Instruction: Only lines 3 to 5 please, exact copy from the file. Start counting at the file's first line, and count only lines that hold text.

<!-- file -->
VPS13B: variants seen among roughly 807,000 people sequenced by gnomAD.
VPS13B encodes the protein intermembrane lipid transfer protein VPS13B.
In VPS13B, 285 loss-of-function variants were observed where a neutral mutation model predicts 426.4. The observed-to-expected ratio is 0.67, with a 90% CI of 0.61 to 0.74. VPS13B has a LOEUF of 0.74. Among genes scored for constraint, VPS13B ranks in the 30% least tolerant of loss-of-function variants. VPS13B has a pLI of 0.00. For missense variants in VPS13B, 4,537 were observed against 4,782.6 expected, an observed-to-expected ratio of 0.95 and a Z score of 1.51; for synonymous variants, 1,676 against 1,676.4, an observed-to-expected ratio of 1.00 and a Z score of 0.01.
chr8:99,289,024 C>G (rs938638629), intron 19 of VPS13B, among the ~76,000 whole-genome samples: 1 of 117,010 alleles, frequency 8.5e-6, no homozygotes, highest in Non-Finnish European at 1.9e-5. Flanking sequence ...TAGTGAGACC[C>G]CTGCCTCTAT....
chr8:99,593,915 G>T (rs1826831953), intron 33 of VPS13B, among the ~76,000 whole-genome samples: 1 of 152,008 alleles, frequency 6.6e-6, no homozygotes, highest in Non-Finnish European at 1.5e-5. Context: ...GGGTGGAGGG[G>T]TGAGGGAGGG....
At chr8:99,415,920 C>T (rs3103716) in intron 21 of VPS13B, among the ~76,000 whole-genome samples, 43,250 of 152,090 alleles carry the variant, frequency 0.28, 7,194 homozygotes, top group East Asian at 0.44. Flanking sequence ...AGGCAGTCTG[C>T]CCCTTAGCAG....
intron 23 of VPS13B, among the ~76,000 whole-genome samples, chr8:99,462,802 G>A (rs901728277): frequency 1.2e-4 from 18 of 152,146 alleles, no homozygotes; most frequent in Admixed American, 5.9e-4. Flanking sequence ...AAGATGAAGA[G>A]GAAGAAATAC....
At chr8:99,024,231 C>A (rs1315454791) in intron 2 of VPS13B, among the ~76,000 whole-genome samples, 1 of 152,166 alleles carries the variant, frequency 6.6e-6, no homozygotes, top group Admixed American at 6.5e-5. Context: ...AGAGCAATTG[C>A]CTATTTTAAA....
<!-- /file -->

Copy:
In VPS13B, 285 loss-of-function variants were observed where a neutral mutation model predicts 426.4. The observed-to-expected ratio is 0.67, with a 90% CI of 0.61 to 0.74. VPS13B has a LOEUF of 0.74. Among genes scored for constraint, VPS13B ranks in the 30% least tolerant of loss-of-function variants. VPS13B has a pLI of 0.00. For missense variants in VPS13B, 4,537 were observed against 4,782.6 expected, an observed-to-expected ratio of 0.95 and a Z score of 1.51; for synonymous variants, 1,676 against 1,676.4, an observed-to-expected ratio of 1.00 and a Z score of 0.01.
chr8:99,289,024 C>G (rs938638629), intron 19 of VPS13B, among the ~76,000 whole-genome samples: 1 of 117,010 alleles, frequency 8.5e-6, no homozygotes, highest in Non-Finnish European at 1.9e-5. Flanking sequence ...TAGTGAGACC[C>G]CTGCCTCTAT....
chr8:99,593,915 G>T (rs1826831953), intron 33 of VPS13B, among the ~76,000 whole-genome samples: 1 of 152,008 alleles, frequency 6.6e-6, no homozygotes, highest in Non-Finnish European at 1.5e-5. Context: ...GGGTGGAGGG[G>T]TGAGGGAGGG....